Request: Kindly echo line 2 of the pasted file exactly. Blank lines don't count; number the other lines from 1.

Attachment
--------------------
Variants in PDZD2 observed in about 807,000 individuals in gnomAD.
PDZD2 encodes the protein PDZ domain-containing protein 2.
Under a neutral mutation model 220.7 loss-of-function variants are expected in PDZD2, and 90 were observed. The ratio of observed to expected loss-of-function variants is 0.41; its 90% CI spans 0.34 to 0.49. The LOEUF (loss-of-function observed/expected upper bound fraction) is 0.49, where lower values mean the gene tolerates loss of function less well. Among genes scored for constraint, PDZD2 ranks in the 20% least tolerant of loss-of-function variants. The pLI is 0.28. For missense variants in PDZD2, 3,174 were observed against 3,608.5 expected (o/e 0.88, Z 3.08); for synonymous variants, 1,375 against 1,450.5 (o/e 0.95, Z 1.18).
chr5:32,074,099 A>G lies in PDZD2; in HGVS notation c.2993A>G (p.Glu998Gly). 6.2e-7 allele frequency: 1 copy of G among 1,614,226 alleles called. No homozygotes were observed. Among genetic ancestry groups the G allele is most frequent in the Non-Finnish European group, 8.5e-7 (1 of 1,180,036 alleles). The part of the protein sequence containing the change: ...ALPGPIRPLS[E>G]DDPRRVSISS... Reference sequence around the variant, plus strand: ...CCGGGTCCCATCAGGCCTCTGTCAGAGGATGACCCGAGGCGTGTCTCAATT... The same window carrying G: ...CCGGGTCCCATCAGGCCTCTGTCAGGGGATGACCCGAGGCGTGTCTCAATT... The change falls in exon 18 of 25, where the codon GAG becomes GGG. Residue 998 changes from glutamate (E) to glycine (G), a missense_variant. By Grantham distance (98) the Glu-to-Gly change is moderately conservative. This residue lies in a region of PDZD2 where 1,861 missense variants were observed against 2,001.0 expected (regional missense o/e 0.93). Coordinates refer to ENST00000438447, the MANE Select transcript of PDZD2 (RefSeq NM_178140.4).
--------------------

PDZD2 encodes the protein PDZ domain-containing protein 2.